9. Outkast — Spaghetti Junction (Stankonia): A nice mid-tempo slice of funky hip-hop. This song is interesting because of how Big Boi and Andre 3000 trade off within the verses, sometimes with one or the other rapping under the other.
  10. The Fleshtones — The Girl From Baltimore (Up-Front): This song appeared on the band’s first EP for IRS Records and it’s a great garage rock tune, perfect for doing all of the classic ’60s dances that are mentioned in the song. Keith Streng’s twanging guitar sounds like it was borrowed from a B-52’s record. This song quickly established that the ‘tones had mastered R & B flavored rock that is perfect for parties.

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Categorized: Friday MP3 Shuffle


Erik Roldan writesCHIRP + Coach House Sounds Session with Love of Everything

Over the summer, Chicago duo Love of Everything went over to Coach House Sounds and recorded what would be a marker in the band’s career. I sat in on the session but couldn’t have been aware of the tension between the two members.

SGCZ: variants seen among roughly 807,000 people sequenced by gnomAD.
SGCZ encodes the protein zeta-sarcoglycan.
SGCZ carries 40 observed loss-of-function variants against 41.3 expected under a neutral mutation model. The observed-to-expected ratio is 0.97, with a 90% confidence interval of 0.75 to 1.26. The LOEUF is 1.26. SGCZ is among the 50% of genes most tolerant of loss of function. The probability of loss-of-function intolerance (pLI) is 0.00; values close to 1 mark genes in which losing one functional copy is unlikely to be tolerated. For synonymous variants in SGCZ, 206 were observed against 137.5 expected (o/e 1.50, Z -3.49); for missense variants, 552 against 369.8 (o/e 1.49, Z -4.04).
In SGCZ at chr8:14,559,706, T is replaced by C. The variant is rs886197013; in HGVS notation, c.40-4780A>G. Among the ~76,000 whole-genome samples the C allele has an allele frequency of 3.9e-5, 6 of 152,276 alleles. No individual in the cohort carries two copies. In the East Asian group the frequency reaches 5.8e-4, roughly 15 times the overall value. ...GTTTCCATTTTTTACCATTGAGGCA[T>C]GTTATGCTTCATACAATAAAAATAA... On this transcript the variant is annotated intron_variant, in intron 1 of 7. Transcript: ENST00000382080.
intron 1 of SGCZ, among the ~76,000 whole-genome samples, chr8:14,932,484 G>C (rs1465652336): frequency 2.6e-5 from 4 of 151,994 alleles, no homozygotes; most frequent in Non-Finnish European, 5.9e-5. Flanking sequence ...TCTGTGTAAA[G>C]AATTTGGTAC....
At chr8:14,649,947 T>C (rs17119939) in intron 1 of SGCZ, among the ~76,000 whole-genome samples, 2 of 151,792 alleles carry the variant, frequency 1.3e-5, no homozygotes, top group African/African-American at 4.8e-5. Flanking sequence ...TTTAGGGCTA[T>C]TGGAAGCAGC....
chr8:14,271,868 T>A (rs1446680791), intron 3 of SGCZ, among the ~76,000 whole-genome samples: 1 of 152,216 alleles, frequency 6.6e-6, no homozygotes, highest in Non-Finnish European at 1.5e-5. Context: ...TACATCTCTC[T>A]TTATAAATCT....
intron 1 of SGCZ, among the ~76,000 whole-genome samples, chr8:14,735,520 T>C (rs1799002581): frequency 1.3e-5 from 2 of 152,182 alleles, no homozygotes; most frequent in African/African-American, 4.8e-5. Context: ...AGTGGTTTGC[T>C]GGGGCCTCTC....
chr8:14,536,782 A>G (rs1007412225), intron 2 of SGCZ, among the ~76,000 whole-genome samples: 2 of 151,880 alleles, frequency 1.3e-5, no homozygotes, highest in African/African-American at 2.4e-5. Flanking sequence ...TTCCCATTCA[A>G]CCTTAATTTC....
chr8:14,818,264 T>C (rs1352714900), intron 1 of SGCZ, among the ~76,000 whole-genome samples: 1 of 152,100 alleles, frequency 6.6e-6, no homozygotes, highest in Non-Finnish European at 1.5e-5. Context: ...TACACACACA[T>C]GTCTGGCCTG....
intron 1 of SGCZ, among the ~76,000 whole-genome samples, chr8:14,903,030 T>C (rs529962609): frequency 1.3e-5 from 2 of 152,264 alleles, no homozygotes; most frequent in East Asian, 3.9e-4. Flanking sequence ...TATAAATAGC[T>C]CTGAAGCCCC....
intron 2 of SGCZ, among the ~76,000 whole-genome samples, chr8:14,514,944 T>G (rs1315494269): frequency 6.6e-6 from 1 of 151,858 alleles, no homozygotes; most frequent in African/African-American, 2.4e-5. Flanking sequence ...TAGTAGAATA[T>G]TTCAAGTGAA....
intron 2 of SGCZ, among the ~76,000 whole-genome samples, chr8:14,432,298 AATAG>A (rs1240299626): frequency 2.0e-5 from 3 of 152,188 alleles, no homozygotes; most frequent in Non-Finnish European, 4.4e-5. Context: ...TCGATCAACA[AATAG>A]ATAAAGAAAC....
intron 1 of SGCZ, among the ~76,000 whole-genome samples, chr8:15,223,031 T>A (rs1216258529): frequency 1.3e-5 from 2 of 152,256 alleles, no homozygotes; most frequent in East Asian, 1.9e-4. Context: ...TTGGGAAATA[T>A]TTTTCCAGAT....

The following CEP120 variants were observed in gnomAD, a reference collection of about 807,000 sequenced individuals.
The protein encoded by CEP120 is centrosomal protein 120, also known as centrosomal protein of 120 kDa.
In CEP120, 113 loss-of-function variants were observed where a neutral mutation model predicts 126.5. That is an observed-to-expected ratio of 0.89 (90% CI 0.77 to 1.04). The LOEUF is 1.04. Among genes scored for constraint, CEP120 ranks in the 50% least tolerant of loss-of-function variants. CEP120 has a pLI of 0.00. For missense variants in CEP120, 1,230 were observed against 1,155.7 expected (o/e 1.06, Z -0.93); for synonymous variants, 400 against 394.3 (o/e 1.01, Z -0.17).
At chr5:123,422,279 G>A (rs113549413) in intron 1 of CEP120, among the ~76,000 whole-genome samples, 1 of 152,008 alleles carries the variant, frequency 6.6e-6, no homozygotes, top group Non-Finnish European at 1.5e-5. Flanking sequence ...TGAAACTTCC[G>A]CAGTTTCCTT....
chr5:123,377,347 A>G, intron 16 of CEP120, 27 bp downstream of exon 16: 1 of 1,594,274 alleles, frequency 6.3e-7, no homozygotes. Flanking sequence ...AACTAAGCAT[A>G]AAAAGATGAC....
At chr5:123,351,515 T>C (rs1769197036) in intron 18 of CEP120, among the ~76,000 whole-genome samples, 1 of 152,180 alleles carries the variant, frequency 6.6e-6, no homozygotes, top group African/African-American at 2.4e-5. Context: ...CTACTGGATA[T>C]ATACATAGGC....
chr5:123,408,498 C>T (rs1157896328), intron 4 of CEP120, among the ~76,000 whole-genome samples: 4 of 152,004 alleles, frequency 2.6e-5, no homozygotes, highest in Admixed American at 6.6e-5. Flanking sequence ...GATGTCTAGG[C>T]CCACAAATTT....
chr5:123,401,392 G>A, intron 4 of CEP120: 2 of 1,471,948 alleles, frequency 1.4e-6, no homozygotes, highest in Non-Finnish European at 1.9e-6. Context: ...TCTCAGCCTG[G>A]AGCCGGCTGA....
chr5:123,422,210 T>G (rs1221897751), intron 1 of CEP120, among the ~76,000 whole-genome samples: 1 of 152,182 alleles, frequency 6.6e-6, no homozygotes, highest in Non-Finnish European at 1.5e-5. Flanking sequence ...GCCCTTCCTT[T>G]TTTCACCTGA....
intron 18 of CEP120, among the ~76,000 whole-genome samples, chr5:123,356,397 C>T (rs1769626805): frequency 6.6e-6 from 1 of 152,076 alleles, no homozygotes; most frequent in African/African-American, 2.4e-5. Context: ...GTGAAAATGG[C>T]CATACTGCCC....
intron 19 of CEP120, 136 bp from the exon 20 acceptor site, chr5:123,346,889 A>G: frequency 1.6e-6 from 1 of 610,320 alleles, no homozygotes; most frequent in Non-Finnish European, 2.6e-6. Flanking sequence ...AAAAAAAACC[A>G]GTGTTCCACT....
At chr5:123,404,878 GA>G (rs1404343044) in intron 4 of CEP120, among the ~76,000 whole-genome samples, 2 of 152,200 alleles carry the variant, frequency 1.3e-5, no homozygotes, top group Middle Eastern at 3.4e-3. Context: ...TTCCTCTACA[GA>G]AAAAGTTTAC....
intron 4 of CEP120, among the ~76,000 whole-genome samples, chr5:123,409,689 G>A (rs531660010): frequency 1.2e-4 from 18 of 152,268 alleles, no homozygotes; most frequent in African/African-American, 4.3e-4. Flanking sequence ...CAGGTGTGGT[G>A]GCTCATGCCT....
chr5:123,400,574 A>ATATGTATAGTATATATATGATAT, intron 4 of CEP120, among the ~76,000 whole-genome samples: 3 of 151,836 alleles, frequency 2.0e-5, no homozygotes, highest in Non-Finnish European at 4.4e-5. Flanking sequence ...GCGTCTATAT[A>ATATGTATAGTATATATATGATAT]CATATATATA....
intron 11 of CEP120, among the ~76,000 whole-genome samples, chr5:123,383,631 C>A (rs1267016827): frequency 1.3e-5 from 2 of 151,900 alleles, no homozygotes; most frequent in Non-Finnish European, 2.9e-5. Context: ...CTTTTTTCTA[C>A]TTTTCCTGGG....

To me, the songs they played seemed to land hard – they had worked a lot on the tracks and there were hints that they were still working through them.

Throughout, the delicate pop that Love of Everything crafts was apparent, but surely I couldn’t have known what was happening beneath the surface. It wasn’t until Bobby Burg answered my pre–set e–mail interview questions with surprising honesty that I figured out what was going on.

The Love of Everything Coach House Sounds session will be released on 12/14 over at – listen to all week for a preview of this amazing time stamp in a young band’s career.

What the dumbest thing you’ve ever done in a basement?

I licked this toy transformer tank that had fallen into the sump pump. That specific taste haunts me to this day.

Tell me about a coach you had as a child. What did you learn from them?

I learned that i wasn’t interested in sports from seeing the football coach at my high school go absolutely berserk during a mandatory pep rally.

Describe a scenario where Love of Everything could be someone’s life coach and the top 2 life lessons you’d teach them.

I could see myself teaching a younger band about how to eat right on while on tour.

What do you like about Chicago, and what makes it special to you?

Chicago is great for playing in a band and seeing live music. It’s flat, so its good for riding bikes. I have a 15 year relationship with Chicago.